International House of Mancakes

Baited by Ahab and reeled in like a hapless, hopeless flounder, Starbuck is screwed and he knows it. He sees the “grim, phantom futures” and the “latent horrors” to come. Not so his idiot shipmates. They have pledged allegiance to Ahab and his mission; it’s time to celebrate.

What follows is a dance party that—little known fact—served as the inspiration for the Disney ride “It’s a Small World.” (The Classics Slacker apologizes if that insipid tune remains stuck in your head for days.) You have your Dutch guy, your French guy, your Icelandic guy, your Italian guy, your New Yorker guy (Long Island specifically), your Chinese guy, your Tahitian guy, your Portuguese guy, your English guy, your Spanish guy, your Irish guy, two African-American guys, and three Nantucket guys, who are designated only by numbers (1st through 3rd).

Stereotypes aplenty. The guy from Iceland is cold, the guy from Holland likes cheese, the Italian lusts after women. And so on.

There’s a lot of action here performed by a lot of characters. How to wrangle them into one chapter?

MELVILLE: Gosh my hand is tired from writing all these long sentences. (He puts down his pen and flexes his fingers.) I know! (An imaginary light bulb flicks on over his head.) I’ll write the rest of this chapter like a play.

Herewith, the Classics Slacker unveils Melville’s never-before-seen first draft of Chapter 40: “Midnight Forecastle.”

FRENCH SAILOR (leaping to his feet): Hey, mon frères! Oui hav thrown our chapeaus into ze ring to merder ze Whale Blanche! But first, we dance! Jig it, men, I say; merry’s the word; hurrah! (They do not move.) Mon dieu, won’t you dance? Come on, baby, do the locomotion! Throw yourselves! Legs! Legs! (To Pip) Pip! little Pip! hurrah with your tambourine.

Pip beats on his tambourine. The sailors commence to dance.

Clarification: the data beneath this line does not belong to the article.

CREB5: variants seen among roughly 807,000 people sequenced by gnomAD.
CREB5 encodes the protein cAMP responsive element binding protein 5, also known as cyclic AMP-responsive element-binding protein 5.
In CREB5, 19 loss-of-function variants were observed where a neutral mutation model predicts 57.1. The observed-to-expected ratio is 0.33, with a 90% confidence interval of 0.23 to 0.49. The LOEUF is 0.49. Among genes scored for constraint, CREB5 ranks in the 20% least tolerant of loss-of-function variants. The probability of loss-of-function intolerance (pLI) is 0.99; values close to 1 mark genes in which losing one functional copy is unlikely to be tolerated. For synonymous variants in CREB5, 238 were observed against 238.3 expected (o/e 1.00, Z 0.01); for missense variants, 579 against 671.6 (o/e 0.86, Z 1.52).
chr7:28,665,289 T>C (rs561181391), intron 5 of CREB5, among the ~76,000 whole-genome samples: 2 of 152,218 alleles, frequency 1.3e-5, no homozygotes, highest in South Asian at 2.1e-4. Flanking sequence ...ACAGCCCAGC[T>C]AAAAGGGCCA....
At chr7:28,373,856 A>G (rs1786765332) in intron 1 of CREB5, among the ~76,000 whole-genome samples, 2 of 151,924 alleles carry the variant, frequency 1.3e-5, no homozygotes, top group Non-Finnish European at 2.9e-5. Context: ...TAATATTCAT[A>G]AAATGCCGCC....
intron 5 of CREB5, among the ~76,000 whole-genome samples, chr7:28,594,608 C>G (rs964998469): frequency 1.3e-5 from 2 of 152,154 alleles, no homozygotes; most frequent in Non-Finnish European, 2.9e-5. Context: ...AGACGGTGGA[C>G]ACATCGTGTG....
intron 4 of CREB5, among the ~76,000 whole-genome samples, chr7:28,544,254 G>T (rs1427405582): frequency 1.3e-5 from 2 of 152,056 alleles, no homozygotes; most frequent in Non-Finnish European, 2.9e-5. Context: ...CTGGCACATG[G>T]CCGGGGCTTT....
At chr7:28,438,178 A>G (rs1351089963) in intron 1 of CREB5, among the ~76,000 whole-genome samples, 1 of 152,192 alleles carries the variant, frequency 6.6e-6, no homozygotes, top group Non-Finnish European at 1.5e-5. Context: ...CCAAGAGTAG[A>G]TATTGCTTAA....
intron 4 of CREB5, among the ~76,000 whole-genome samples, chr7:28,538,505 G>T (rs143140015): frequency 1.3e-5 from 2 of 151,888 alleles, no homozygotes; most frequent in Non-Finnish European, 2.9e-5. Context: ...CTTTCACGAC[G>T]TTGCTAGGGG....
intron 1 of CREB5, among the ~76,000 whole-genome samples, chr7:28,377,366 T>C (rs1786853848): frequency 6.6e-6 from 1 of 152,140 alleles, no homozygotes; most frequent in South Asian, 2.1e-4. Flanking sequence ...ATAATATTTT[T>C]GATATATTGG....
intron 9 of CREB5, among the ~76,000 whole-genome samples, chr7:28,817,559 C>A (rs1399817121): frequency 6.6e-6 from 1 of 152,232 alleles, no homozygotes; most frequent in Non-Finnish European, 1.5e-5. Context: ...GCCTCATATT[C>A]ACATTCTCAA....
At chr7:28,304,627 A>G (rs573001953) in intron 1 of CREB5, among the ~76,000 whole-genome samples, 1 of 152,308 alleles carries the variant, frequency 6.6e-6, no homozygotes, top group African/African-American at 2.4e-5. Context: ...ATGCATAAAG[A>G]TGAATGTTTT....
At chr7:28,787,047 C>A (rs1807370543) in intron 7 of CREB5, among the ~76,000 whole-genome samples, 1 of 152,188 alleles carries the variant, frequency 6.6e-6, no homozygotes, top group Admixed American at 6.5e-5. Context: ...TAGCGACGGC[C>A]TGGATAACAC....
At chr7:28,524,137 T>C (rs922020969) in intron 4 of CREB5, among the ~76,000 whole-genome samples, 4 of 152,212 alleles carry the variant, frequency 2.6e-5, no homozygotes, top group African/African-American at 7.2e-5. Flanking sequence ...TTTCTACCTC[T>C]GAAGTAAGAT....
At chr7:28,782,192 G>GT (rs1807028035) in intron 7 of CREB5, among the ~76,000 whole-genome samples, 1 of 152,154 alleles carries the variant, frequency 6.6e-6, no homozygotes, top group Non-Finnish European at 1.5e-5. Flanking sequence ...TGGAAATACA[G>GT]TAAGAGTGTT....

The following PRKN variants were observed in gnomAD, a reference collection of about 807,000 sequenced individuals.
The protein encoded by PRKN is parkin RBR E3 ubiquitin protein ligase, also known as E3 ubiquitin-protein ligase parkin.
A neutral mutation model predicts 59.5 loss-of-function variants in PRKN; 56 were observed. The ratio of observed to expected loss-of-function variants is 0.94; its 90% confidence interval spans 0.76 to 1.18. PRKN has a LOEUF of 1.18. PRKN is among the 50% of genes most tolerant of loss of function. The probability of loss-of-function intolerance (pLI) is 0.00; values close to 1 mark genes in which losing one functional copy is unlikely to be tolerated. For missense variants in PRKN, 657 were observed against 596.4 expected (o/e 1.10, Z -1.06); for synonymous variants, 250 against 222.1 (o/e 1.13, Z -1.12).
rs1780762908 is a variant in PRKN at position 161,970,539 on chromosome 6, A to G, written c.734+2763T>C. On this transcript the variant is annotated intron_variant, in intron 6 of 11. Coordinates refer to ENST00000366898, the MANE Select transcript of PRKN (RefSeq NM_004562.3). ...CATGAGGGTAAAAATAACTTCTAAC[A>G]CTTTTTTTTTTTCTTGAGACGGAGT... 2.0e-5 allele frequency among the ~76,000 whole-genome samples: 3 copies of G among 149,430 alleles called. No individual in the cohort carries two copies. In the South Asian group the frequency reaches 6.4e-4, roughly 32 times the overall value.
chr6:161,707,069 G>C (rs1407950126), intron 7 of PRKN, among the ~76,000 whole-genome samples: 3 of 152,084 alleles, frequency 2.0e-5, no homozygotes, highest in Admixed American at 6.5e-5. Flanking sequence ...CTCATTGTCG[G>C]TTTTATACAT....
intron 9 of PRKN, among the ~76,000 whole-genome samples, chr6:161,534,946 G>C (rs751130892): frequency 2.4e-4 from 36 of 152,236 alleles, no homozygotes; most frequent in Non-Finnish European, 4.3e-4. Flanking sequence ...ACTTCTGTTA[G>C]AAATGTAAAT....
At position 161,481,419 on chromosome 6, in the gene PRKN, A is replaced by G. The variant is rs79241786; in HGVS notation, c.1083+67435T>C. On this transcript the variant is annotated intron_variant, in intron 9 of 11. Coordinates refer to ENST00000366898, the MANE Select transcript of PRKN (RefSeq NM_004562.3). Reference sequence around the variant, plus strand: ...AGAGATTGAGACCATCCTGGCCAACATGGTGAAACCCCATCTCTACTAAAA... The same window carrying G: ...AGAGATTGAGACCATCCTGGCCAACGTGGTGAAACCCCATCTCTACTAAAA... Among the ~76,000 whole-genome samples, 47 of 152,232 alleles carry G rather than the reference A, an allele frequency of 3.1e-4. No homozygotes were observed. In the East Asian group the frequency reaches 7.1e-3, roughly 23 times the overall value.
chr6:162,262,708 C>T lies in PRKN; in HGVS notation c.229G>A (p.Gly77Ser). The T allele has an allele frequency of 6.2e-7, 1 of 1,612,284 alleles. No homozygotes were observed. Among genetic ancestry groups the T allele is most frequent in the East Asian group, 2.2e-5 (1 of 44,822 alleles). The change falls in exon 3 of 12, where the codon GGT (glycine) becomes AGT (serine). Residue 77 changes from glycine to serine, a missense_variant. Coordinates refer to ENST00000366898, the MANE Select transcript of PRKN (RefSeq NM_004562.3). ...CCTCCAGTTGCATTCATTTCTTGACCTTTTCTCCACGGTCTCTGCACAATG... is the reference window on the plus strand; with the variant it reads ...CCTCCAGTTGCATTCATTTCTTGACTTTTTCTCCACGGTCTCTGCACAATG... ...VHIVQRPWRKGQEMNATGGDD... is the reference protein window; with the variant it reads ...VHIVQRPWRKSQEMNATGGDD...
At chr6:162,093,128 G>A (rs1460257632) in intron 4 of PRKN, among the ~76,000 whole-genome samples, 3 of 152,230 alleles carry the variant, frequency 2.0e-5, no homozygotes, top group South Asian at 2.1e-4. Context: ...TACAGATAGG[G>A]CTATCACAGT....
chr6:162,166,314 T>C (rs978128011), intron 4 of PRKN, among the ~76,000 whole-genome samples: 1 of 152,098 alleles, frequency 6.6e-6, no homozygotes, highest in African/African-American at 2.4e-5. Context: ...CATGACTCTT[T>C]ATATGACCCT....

AZORE SAILOR: Go it, Pip! Bang it, bell-boy!

CHINESE SAILOR: Pound away! Make like a pagoda!

FRENCH SAILOR: Hold up thy hoop, Pip, till I jump through it!

MALTESE SAILOR (looking around with alarm): Wait. Is everyone on this ship gay? I don’t want to dance with dudes. (Gazing dreamily at the ocean.) Would all the waves were women, then I’d go drown and chassee with them evermore! There’s naught so sweet on earth—heaven may not match it!—as those swift glances of warm, wild bosoms in the dance when the over-arboring arms hide such ripe, bursting grapes.

SICILIAN  SAILOR (gazing at his crotch): That’s a spicy meatball! I love-a to watch-a the womens to danza. Those-a fleet interlacings of the limbs—lithe swayings—coyings—flutterings! lip! heart! hip!

TAHITIAN SAILOR (writhing on his mat): You dudes ain’t seen nothing like the holy nakedness of our dancing girls. Heeva-Heeva! Bust my coconuts! I’m with you two. I will not do any man-dancing.

LONG-ISLAND SAILOR (gazing lustily at the sailors): Oh you sulkies, do you see any chicks here? Fuggetaboutit. There’s plenty more of us. Hoe corn when you may, say I. Cuz one day, we’ll all be swimmin’ with the fishes. I say luv da-one you’re wid.

MALTESE SAILOR: Well, you have a point there. (All nod their heads and begin dancing with each other.)

TASHTEGO (looking disgusted): Man, these white guys are terrible dancers.

ENGLISH SAILOR (removing his pipe from his mouth): I say, lads, enough with the bloody dancing. Don’t let’s forget a cheer for our dear Captain Ahab. Blimey, but that old man’s a grand old cove! And we are the lot he chose to hunt and harrier him up his whale! (Sings) “For he’s a jolly good fellow, for he’s a jolly good fellow…” (All raise mugs of ale and join in the singing.)

In due time, everyone is as drunk as a sailor and passed out on the deck. As dawn arises, so does our narrator, Ishmael, who, despite a massive hangover, resumes the tale in the next chapter, titled, appropriately enough: “Moby Dick.”